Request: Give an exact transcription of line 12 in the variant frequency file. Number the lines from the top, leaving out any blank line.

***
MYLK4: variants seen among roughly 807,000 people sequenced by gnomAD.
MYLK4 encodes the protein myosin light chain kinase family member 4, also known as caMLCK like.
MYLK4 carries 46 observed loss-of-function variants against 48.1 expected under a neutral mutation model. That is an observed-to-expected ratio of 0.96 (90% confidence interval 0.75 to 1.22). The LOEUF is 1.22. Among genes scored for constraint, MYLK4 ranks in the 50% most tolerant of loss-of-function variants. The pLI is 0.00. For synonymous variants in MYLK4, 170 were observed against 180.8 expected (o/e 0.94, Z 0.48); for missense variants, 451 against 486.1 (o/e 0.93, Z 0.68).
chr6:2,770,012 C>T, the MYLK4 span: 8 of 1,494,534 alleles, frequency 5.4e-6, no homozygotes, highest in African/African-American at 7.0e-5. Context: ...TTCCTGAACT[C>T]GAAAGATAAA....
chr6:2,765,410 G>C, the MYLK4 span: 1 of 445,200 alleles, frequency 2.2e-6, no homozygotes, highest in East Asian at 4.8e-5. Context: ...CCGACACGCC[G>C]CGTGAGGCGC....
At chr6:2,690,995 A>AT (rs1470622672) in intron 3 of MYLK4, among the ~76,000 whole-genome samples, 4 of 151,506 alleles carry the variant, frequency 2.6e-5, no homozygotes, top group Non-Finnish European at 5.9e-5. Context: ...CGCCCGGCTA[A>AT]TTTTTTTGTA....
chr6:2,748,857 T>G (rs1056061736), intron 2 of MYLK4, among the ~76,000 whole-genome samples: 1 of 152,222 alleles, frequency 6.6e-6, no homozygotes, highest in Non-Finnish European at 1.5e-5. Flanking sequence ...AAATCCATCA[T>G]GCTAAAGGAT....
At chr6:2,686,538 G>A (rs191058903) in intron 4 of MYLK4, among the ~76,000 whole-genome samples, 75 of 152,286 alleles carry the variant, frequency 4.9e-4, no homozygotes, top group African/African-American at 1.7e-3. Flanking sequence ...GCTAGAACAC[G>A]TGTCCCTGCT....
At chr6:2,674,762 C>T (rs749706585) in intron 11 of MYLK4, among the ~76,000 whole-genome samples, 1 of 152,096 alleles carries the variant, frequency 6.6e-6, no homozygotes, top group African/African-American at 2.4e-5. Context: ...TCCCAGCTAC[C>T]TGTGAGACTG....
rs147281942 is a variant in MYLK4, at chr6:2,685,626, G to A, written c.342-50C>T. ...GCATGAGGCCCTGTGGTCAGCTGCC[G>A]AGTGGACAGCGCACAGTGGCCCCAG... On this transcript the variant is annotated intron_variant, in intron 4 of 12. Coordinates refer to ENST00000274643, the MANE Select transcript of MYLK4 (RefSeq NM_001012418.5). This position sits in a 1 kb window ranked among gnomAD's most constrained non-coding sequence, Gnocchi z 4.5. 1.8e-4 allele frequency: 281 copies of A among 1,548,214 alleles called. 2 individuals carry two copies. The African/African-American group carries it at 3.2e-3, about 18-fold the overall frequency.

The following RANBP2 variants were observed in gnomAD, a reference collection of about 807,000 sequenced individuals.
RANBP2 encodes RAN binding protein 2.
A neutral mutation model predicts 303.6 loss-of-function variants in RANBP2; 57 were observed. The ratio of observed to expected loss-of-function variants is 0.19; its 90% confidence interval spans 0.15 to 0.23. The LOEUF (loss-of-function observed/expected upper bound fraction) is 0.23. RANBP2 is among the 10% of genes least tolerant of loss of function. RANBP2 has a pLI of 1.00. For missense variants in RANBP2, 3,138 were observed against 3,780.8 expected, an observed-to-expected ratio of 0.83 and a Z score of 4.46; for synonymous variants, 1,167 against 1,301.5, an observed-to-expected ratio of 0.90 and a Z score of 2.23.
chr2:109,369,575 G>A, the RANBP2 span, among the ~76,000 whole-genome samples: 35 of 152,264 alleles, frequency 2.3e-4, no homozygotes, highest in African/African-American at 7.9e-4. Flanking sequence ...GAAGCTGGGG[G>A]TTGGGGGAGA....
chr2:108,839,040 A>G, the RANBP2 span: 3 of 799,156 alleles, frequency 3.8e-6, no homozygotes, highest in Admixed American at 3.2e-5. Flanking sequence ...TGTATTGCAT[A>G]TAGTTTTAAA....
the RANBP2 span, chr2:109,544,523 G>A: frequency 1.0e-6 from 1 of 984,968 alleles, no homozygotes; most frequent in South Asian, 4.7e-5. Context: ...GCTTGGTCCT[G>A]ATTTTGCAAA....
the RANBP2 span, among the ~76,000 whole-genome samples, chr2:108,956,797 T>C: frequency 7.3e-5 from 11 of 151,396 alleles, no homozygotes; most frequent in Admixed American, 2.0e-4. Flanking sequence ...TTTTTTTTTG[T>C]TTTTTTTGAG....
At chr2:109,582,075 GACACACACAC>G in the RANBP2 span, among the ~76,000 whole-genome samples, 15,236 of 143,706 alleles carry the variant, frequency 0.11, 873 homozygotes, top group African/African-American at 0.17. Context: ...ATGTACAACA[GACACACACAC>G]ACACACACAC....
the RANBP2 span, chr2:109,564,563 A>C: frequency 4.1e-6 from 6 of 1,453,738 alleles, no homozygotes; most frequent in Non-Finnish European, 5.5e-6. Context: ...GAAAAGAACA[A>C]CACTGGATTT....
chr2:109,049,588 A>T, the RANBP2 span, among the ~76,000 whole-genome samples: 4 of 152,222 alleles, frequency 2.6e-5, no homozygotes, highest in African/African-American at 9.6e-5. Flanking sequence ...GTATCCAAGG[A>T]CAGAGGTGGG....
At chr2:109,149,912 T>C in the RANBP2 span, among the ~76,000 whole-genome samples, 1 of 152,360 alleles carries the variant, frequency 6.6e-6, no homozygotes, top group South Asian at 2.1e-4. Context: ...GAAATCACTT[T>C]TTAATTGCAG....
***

RANBP2 encodes RAN binding protein 2.